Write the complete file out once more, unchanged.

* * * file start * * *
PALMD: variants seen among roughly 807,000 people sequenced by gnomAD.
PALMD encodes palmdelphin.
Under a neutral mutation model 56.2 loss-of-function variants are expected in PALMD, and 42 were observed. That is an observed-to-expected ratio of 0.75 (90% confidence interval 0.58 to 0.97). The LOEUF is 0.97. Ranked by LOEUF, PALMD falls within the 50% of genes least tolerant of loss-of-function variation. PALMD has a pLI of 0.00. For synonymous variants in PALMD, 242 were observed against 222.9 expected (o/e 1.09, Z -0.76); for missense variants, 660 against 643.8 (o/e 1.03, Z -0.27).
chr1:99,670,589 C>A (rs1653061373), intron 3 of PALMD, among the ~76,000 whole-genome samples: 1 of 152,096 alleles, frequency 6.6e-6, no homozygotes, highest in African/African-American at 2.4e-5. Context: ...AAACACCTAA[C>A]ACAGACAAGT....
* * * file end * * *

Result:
PALMD: variants seen among roughly 807,000 people sequenced by gnomAD.
PALMD encodes palmdelphin.
Under a neutral mutation model 56.2 loss-of-function variants are expected in PALMD, and 42 were observed. That is an observed-to-expected ratio of 0.75 (90% confidence interval 0.58 to 0.97). The LOEUF is 0.97. Ranked by LOEUF, PALMD falls within the 50% of genes least tolerant of loss-of-function variation. PALMD has a pLI of 0.00. For synonymous variants in PALMD, 242 were observed against 222.9 expected (o/e 1.09, Z -0.76); for missense variants, 660 against 643.8 (o/e 1.03, Z -0.27).
chr1:99,670,589 C>A (rs1653061373), intron 3 of PALMD, among the ~76,000 whole-genome samples: 1 of 152,096 alleles, frequency 6.6e-6, no homozygotes, highest in African/African-American at 2.4e-5. Context: ...AAACACCTAA[C>A]ACAGACAAGT....